It’s this righteous character of God that prompted David to write elsewhere:

Blessed is the one whose transgression is forgiven, whose sin is covered.2 Blessed is the man against whom the Lord counts no iniquity, and in whose spirit there is no deceit.

3 For when I kept silent, my bones wasted away through my groaning all day long 4 For day and night your hand was heavy upon me; my strength was dried up as by the heat of summer. Selah

5 I acknowledged my sin to you, and I did not cover my iniquity; I said, “I will confess my transgressions to the Lord,” and you forgave the iniquity of my sin. Selah

6 Therefore let everyone who is godly offer prayer to you at a time when you may be found; surely in the rush of great waters, they shall not reach him.  7 You are a hiding place for me; you preserve me from trouble; you surround me with shouts of deliverance. Selah

8 I will instruct you and teach you in the way you should go; I will counsel you with my eye upon you.  9 Be not like a horse or a mule, without understanding, which must be curbed with bit and bridle, or it will not stay near you.

10 Many are the sorrows of the wicked, but steadfast love surrounds the one who trusts in the Lord. 11 Be glad in the Lord, and rejoice, O righteous, and shout for joy, all you upright in heart! (Psalm 32:1-11)

You are not “damaged goods.”  Your sins don’t have to define you.  Christ’s blood covers you.  This new relationship changes your identity.

I rarely like to embed videos in these posts—some of you at work might have to wait until later to watch this—but few sermon excerpts speak as powerfully as this one.  This is an excerpt from a conference message from Matt Chandler of the Village Church in Dallas:

Luther once wrote that Christians are “simultaneously justified and yet sinners.”   Paul understood this from his own experience.  In Romans 7 he writes: “I do not do the good I want, but the evil I do not want is what I keep on doing.” (Romans 7:19) But in his same letter he writes: “If the Spirit of him who raised Jesus from the dead dwells in you, he who raised Christ Jesus from the dead will also give life to your mortal bodies through his Spirit who dwells in you.” (Romans 8:11)  Following Jesus will cleanse your past.  And His Spirit shapes you into something new.



“The Beating of that Hideous Heart” (Psalm 32)

heartEdgar Allen Poe’s “The Telltale Heart” is a classic story of paranoia, guilt, and a murder most foul.  The story is told from the narrator’s point of view, who defends his sanity all the while obsessing over the details of a murder.  Though the narrator claims to love the old man, he cannot tolerate the man’s “vulture eye” another day—and so he commits murder to rid himself of this menace.  He stashes the evidence beneath the floorboards, where he believes the matter has been put to rest.  So confident is he that when the police arrive to investigate, the narrator offers them chairs directly above the floorboards that conceal the old man’s body.

And that’s when he hears it.  The sound faint at first—like “a watch enveloped in cotton.”  But the sound persists, louder in his ears—surely the police hear it to? he wonders.   Finally he cries out:  “Villains! I admit the deed!—tear up the planks! here, here!—It is the beating of his hideous heart!”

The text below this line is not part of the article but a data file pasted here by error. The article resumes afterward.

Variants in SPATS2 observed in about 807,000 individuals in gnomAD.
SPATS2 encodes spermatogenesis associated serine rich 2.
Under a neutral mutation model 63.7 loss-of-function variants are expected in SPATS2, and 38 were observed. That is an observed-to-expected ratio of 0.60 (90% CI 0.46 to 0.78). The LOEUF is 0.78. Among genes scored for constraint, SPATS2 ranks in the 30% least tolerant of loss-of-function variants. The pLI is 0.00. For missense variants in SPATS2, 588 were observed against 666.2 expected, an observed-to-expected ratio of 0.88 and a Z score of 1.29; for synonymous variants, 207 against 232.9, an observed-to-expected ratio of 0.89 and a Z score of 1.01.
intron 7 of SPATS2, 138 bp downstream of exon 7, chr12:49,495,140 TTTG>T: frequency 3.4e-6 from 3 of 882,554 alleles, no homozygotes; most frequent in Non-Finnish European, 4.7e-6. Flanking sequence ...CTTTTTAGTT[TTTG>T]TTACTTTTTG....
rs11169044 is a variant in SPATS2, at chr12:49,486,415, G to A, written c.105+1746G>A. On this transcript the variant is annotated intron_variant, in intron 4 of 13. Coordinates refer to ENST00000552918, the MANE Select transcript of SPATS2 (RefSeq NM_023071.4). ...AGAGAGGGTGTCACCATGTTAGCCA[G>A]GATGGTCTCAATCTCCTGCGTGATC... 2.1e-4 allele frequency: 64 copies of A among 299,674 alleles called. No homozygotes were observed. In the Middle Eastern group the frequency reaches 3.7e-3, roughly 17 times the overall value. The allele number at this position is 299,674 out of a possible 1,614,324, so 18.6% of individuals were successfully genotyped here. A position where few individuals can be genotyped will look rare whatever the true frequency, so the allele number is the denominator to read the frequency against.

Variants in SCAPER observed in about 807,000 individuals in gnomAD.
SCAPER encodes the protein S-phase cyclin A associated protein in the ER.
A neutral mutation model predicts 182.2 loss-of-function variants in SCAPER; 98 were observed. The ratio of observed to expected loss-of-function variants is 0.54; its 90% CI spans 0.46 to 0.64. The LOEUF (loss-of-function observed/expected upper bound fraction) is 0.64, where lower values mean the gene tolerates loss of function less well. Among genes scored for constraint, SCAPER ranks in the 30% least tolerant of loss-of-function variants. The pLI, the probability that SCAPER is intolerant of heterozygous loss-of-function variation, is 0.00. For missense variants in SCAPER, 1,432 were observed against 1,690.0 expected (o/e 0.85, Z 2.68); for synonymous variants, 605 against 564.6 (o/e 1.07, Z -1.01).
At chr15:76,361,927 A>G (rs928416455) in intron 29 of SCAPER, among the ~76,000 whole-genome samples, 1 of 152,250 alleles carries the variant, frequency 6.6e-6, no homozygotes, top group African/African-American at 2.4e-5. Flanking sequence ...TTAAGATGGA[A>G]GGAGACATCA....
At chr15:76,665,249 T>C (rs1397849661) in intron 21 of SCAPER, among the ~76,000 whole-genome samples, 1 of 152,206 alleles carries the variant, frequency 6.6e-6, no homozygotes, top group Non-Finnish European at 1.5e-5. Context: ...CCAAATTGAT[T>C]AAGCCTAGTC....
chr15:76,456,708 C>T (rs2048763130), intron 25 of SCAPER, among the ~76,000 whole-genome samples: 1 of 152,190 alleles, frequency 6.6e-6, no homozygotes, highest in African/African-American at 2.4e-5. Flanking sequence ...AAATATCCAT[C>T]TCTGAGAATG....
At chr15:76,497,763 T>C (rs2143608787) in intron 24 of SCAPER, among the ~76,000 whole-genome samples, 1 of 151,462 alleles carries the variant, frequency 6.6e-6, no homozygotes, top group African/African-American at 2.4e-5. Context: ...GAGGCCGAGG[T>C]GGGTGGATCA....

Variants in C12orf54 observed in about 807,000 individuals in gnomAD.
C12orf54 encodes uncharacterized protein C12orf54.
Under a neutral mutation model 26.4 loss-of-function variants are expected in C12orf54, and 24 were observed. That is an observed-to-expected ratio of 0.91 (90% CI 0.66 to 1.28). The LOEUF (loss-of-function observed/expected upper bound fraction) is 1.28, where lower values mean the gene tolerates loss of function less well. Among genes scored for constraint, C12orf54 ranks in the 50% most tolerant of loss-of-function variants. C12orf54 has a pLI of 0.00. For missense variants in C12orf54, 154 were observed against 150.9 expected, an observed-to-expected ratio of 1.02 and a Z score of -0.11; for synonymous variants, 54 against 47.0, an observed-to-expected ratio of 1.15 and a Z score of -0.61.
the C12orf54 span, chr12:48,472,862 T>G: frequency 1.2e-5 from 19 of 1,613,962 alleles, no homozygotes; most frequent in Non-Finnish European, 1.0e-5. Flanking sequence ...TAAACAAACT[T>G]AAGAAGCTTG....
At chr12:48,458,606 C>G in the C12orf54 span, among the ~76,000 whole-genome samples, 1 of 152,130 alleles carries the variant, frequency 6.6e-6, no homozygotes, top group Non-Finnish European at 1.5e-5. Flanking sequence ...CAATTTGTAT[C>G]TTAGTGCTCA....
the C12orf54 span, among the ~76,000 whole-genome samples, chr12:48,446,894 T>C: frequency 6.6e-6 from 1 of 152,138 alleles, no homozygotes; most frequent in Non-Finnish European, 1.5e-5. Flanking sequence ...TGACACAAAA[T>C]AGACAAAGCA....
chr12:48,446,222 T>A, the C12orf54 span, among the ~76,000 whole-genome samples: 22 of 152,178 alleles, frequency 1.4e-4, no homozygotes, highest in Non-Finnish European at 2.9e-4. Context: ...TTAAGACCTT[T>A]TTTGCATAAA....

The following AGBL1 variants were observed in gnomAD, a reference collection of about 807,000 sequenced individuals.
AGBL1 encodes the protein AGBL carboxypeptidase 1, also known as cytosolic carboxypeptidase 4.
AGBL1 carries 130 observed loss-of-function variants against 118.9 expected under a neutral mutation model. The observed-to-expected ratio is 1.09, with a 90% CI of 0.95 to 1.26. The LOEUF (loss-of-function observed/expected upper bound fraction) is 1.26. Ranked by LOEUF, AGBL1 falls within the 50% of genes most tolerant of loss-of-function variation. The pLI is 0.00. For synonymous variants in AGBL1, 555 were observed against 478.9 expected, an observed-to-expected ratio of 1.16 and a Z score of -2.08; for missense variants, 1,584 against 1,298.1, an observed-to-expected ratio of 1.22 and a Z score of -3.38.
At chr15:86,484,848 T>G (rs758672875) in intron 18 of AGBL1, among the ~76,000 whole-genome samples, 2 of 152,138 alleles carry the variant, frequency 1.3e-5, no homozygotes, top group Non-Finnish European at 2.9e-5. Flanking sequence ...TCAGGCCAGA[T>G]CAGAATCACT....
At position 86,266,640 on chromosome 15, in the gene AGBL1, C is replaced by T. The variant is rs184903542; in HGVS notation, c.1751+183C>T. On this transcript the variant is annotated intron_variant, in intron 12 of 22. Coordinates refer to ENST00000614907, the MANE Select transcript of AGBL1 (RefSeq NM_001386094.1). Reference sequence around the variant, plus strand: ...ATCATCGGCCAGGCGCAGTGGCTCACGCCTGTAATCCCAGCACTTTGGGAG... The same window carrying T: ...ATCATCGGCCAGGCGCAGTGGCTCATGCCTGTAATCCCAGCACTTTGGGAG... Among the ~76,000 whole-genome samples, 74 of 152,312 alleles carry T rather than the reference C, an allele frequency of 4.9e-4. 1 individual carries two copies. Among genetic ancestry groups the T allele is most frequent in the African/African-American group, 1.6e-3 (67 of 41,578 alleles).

Guilt belongs to a set of what psychologists call “moral emotions.”  Though Poe’s unnamed narrator is mad, we readily identify with his inner conflict and psychic pain.  Why?  Well, there’s no real consensus as to what purpose guilt serves—if any.  Sigmund Freud, the famous psychologist, believed that all human beings are trapped between a sense of love and loathing.  The human endeavor, then, is to learn to manage and mask this guilt—or, in some cases, to eliminate guilt entirely.  Though the specifics of Freud’s ideas haven’t stood the test of time, it’s hard to ignore his legacy.  There’s just one problem: we can never escape our guilt.  Guilt is far too universal.

In the latter half of the twentieth century, a psychologist named Richard Schweder suggested that humans experience “moral emotions” when we violate our standards of ethics.  If I violate the “ethics of community”—say, by cursing in a wedding toast—I feel a sense of embarrassment.  If I fail to achieve my personal goals—perhaps I miss a job promotion, or fail a test—then I feel disappointment at violating my own “ethic of autonomy.”  But if I feel a sense of guilt over some secret act, a sense of shame over my own thoughts and behavior, then I have violated what Schweder called the “ethics of divinity.”  Modern psychology only affirms what God’s word already tells us: that the “human heart is deceitful  above all things and desperately sick” (Jeremiah 17:9).

If you don’t have a church background, I can understand how you might feel a bit defensive.  Freud actually had a point when he observed that religion is the cause of our guilt as much as it is a solution.  “What I do in my bedroom is my business,” some might insist.  “What does it matter as long as I’m not hurting anyone?”  But if that’s true, if you really believe that, why is guilt so persistent and so pervasive?  It can’t be the negative effects of religion, or some lingering “Catholic guilt”—otherwise guilt would be a uniquely Western phenomenon.  No; guilt is a human phenomenon, and God’s Word tells us it is the symptom of a far greater disease.